2012 Chrysler 200 review: a legitimate competitor
2012 Chrysler 200
When Chrysler dropped the Sebring and replaced it with the new Chrysler 200 in 2011, the car went from just being a rental car choice to a legitimate contender in the mid-size sedan segment. The new Chrysler 200 uses the same platform as the Sebring, but engineers changed and strengthened everything on the new car. It was an impressive piece of work, considering Chrysler pulled off the transformation in just 12 months.
Just about every new Chrysler comes with an updated interior, as does the 2012 200. On the inside, the first thing that is noticed is the one-piece soft-touch dash, a new gated shift lever, fine chrome accents, and low-gloss plastics. The cheap look of the Sebring is gone, and the new 200 is much classier. The interior should wear better with the new materials, according to Chrysler’s interior designer Klaus Busse.
The fit and finish of the 200’s interior is much better now using a soft dashboard skin because it allows for a much smaller tolerance between dash pieces. Inside, Chrysler has managed to provide a reasonably upscale experience. The cabin isn’t up to the level of a Lexus ES350, but it’s now competitive in this class.
The 200 is extremely quiet, thanks to a substantial revision of the suspension, engine mounts, and insulation materials. The 200 Limited gets leather-trimmed front seats that are comfortable, and the eight-way power driver’s seat and tilt/telescoping steering wheel make it easy to find the right driving position. The steering wheel is wrapped in leather with mounted audio controls, and along with the heated front seats, they add a luxury feel to the new 200 Limited model.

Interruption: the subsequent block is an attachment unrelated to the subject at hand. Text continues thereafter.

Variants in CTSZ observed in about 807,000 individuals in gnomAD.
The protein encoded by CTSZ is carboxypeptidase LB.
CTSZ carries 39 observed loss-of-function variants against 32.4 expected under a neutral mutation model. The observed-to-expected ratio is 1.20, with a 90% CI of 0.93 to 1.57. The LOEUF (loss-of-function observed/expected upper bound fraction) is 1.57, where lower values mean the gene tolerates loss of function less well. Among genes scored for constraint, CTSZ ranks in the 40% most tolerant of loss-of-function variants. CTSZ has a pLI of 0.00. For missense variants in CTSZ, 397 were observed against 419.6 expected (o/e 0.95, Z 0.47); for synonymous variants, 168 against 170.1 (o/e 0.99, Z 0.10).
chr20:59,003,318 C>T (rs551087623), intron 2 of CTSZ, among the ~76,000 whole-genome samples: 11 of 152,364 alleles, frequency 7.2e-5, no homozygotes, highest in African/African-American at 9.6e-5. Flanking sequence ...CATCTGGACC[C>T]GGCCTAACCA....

This Chrysler 200 Limited tester ($24,070) also gets upgraded interior trim, remote start, touch-screen display, compass, outside temperature reading, 430-watt sound system, Media Center CD/DVD with a 40-gig hard drive, iPod input, Bluetooth, U-Connect hands-free phone, fog lamps, and 18-inch polished aluminum wheels. The V-6 is optional ($1,795). Navigation is optional ($695) and comes with Sirius Real-Time Traffic and Sirius Travel Link.
This Chrysler 200 Limited came with the 3.6-liter Pentastar V-6 that’s been around two years and continues to get rave reviews. The peppy V-6 makes 283 horsepower and 260 foot-pounds of torque and is mated to a 6-speed automatic transmission.
While test driving the Chrysler 200 on two-lane mountain roads, the Pentastar V-6 delivered plenty of power and acceleration. Chrysler says the V-6 makes more than 90 percent of its peak torque from 1600 rpm all the way up to redline 6400, and driving at altitude in the mountains supports that, as the V-6 had plenty of torque and acceleration pulling I-70 up Vail Pass.
A 2.4-liter four-cylinder engine produces 173 horsepower and gets an estimated EPA fuel mileage rating of 21/30 city/highway. The V-6 gives up very little to the I4 in fuel mileage, with a strong EPA rating of 19 city/29 highway miles per gallon.
The Chrysler 200 is an affordable medium-sized car with extraordinary value. The 200 offers two excellent engine options, and both are very fuel efficient. 200 is available in both sedan and convertible versions, and is a legitimate competitor in the mid-size sedan segment. However, the 2012 Chrysler 200 is facing an uphill battle with fierce competition in this segment.
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